It's kind of a neat thing that it's happened this year in the States because this is the 50th anniversary of my first drum lesson. It's kind of neat how life and fate all work together, and here I am sitting in a broken car, sweating, hoping I'll make the first gig. [laughs]
What's amazing is that you have one drum tech to help set this behemoth up. It seems like it would take an army.
I'm really into design and efficiency. I do this myself without a tech, sometimes, and I watch my techs suffer through certain things that I haven't prepared properly. So, it's a real efficient machine: The rack comes apart in several pieces but just rides on top of the cases in the back of the trailer. So, you could load that in, put in on a carpet that's already marked, and it goes up in about five minutes. Then you just pop on the drums, pop on the cymbal booms, and the kit's pretty much there.
The latest innovation is I have 22 pedals all attached to linkages and different bass drums and hi-hats that are remote — they're out where I can't play them directly. The pedal part's by my foot and the beater part is out by the bass drum, six feet away. And these 22 pedals all have to be attached and tweaked every day so they don't interfere with each other and they feel right. I just built these templates — so just by setting three templates down, all 22 pedals are ready to be connected. So things like that makes it go fast.
You have the kit details on your website from 2012 — have you added or subtracted from that kit?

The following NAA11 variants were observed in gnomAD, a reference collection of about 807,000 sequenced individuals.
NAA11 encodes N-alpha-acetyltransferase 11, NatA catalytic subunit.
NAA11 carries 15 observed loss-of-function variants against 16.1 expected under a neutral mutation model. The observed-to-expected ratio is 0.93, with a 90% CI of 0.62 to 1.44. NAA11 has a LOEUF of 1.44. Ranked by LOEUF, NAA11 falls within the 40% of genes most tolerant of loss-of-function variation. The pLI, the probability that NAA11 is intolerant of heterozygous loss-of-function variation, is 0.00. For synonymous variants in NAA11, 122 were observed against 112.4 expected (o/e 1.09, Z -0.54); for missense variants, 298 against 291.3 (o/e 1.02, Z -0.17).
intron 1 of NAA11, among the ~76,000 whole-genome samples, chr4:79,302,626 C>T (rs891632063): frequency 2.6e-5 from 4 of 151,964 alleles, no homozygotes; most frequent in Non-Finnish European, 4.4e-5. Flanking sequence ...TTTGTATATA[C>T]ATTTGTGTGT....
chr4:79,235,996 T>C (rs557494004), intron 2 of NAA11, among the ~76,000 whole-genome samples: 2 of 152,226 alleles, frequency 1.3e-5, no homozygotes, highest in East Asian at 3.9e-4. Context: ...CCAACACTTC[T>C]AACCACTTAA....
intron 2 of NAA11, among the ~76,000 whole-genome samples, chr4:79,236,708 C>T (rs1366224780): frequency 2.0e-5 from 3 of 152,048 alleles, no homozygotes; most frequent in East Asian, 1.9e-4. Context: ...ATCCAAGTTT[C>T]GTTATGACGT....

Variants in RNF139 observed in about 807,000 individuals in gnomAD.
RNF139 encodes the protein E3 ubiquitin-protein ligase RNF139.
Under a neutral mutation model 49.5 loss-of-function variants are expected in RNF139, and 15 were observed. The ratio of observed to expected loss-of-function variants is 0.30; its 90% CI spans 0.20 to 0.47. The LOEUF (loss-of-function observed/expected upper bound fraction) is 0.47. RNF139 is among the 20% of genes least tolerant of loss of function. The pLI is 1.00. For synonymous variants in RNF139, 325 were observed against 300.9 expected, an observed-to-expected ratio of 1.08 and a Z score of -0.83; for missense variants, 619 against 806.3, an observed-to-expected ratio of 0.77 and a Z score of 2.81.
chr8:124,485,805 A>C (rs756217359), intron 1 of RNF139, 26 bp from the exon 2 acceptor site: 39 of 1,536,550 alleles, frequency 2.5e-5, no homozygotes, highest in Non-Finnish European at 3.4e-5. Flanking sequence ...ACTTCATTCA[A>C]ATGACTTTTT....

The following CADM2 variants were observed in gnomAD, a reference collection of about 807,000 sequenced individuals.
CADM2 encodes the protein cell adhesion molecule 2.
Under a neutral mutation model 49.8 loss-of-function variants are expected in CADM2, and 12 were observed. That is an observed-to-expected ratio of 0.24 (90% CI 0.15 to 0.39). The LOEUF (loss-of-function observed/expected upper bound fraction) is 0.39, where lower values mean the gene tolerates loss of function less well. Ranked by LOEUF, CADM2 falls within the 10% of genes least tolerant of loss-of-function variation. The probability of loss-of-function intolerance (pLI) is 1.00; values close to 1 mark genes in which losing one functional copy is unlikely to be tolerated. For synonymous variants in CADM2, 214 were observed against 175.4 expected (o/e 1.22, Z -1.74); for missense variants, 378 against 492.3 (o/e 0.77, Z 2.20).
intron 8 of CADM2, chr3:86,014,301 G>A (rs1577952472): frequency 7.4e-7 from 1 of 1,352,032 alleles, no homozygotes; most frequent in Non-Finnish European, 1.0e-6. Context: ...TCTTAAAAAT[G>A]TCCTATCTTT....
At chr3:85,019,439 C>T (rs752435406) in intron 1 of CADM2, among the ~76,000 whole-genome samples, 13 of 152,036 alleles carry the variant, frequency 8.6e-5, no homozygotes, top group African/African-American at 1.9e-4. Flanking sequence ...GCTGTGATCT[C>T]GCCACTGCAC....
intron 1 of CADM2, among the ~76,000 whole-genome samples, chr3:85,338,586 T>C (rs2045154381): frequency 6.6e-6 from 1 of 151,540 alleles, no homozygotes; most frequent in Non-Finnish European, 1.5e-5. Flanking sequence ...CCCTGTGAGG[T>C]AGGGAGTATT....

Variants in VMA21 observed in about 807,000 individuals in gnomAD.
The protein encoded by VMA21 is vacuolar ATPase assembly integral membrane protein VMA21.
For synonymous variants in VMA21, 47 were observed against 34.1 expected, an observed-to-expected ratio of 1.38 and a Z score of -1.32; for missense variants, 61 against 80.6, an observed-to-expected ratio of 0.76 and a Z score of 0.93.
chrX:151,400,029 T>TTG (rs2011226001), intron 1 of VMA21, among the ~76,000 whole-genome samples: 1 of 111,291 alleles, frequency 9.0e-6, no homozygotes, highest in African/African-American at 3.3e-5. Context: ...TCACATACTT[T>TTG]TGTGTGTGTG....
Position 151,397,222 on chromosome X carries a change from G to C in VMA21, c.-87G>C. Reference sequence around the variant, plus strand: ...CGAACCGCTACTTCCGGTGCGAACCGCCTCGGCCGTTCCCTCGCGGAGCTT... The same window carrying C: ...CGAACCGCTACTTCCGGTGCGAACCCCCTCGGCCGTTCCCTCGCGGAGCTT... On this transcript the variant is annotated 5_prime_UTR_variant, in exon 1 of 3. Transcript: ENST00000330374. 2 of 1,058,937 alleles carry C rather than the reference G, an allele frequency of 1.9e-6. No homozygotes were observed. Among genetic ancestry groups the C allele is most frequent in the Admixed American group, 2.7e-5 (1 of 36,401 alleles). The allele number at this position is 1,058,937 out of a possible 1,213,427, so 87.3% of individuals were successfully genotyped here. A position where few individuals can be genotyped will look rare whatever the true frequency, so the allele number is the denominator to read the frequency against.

I think that one's my Japanese kit. I have three of these big kits: one here, one in Europe, and one in Japan. They're all a little bit different, and they all look really cool, and they're a structural statements in and of themselves, but they do follow a function: putting instruments as close as possible to me so that I can play in a relaxed fashion. It is probably is the largest practical drum set in the world. There's guys in the Guinness Book of World Records that have larger drum sets. I'm not really interested in the circus act part of it at all.
So you can say that you will use every piece on this kit at some point?
Some nights, I might not hit certain things or do certain things, but within a week, I will have used everything [laughs].
You can see the footage of you 40 years ago with Zappa, and the kits are big, but they're not enormous. When did you fall in love with the idea of building this giant sculpture?
When I started to develop that electronic kit that I got the patents for in the Eighties and played on the second Missing Persons tour, I had 36 or 32 sounds in this one little three-foot bar in front of me. I got used to having all those things. And when I went back to playing acoustic, I started to add bells and some hi-hats and different things, but I was missing from the electronic kit.